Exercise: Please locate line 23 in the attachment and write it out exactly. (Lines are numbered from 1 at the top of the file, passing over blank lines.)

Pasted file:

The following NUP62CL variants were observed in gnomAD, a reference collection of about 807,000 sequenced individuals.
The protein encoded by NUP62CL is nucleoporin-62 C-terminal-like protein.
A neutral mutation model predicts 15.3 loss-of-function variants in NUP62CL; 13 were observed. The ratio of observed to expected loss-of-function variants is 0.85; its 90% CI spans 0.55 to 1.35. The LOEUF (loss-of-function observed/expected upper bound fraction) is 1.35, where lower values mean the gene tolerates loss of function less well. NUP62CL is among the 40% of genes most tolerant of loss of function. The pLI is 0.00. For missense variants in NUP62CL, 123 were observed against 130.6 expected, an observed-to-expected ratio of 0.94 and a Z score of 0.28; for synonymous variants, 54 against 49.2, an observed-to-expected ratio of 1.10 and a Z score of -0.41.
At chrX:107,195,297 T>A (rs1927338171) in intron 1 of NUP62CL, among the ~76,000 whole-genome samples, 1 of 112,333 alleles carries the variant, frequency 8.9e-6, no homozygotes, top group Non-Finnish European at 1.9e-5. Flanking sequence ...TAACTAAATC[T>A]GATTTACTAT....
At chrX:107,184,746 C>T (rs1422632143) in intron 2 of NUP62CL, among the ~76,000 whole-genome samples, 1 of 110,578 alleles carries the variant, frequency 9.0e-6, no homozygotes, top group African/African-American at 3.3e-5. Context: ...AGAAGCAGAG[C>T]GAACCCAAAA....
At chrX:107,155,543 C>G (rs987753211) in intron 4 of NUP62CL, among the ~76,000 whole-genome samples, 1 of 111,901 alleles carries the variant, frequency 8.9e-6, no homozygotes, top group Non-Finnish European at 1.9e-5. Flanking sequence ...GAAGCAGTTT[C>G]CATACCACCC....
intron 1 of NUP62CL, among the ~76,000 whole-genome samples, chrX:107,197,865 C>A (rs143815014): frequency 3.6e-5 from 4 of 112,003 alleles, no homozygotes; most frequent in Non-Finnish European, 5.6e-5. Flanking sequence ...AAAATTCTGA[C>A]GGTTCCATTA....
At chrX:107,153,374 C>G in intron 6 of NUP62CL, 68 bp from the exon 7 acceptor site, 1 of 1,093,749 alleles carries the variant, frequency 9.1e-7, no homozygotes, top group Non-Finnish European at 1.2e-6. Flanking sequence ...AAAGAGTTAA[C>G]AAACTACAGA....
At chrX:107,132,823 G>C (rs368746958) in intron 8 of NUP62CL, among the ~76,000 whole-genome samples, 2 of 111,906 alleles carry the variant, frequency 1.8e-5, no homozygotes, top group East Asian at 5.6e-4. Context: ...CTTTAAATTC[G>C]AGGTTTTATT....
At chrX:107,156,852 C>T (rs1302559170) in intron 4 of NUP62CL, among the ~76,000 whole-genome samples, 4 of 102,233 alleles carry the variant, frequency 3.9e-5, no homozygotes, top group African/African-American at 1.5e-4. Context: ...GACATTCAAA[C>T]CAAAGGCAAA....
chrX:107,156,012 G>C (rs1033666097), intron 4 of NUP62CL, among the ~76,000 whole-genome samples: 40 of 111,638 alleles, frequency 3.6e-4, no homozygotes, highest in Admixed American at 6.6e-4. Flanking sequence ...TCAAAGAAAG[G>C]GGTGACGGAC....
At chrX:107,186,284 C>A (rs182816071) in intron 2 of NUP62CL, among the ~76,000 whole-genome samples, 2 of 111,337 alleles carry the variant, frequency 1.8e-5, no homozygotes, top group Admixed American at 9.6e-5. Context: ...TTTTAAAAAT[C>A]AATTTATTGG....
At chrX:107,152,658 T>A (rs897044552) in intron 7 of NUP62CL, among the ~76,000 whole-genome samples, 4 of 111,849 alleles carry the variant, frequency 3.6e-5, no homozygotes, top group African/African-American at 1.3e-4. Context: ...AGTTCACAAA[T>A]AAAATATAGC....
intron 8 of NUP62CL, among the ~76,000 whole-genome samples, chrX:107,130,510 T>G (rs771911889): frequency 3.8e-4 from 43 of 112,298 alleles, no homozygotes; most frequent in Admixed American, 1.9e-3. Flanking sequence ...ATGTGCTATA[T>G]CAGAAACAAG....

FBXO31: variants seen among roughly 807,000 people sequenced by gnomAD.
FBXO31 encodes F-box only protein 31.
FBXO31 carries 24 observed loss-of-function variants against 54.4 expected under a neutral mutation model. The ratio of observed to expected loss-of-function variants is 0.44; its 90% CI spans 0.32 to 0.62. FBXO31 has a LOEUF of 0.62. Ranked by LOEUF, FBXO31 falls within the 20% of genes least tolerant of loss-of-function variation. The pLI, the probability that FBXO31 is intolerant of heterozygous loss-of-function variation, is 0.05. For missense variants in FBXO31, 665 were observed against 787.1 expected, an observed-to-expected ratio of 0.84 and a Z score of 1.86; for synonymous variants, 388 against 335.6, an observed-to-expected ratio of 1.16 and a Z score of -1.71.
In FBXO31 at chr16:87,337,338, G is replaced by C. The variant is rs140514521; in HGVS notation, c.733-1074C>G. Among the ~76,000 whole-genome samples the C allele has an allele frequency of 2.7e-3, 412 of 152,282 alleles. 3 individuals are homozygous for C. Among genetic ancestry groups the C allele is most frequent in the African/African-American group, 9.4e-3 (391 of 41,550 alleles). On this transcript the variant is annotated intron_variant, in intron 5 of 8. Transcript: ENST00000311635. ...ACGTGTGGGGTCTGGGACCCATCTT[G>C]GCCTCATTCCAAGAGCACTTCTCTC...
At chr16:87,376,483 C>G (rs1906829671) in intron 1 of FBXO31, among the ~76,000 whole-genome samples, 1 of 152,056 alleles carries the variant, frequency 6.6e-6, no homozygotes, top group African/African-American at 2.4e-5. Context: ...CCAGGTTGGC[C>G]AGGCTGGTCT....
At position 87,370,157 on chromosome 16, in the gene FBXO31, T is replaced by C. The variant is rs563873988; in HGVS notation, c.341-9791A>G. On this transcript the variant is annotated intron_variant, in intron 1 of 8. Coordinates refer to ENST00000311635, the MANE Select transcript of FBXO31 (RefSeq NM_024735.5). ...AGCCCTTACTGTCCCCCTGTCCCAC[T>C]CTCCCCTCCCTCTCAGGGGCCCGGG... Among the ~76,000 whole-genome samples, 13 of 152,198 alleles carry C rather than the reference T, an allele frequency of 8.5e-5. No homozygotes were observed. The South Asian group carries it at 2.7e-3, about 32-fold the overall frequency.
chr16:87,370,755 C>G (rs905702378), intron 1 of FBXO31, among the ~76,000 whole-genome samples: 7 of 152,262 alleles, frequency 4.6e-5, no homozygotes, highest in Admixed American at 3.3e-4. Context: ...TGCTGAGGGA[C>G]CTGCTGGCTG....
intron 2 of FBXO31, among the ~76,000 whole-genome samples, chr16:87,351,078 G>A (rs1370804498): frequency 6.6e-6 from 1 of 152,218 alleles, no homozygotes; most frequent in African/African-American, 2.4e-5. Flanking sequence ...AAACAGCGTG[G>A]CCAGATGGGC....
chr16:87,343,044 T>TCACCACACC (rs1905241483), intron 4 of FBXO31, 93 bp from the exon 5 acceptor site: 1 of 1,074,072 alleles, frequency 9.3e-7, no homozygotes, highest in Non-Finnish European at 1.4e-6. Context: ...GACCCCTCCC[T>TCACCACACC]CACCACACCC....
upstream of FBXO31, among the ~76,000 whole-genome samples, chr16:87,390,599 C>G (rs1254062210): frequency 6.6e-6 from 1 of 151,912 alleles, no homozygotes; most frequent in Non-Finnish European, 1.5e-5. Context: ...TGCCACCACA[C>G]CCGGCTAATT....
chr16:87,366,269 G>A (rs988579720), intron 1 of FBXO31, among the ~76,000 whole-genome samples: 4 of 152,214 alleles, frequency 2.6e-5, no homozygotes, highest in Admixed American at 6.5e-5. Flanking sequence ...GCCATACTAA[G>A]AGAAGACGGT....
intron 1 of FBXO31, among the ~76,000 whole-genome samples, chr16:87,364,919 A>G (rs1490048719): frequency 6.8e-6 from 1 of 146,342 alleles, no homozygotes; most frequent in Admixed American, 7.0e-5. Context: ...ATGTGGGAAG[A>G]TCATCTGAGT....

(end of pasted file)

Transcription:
chr16:87,343,044 T>TCACCACACC (rs1905241483), intron 4 of FBXO31, 93 bp from the exon 5 acceptor site: 1 of 1,074,072 alleles, frequency 9.3e-7, no homozygotes, highest in Non-Finnish European at 1.4e-6. Context: ...GACCCCTCCC[T>TCACCACACC]CACCACACCC....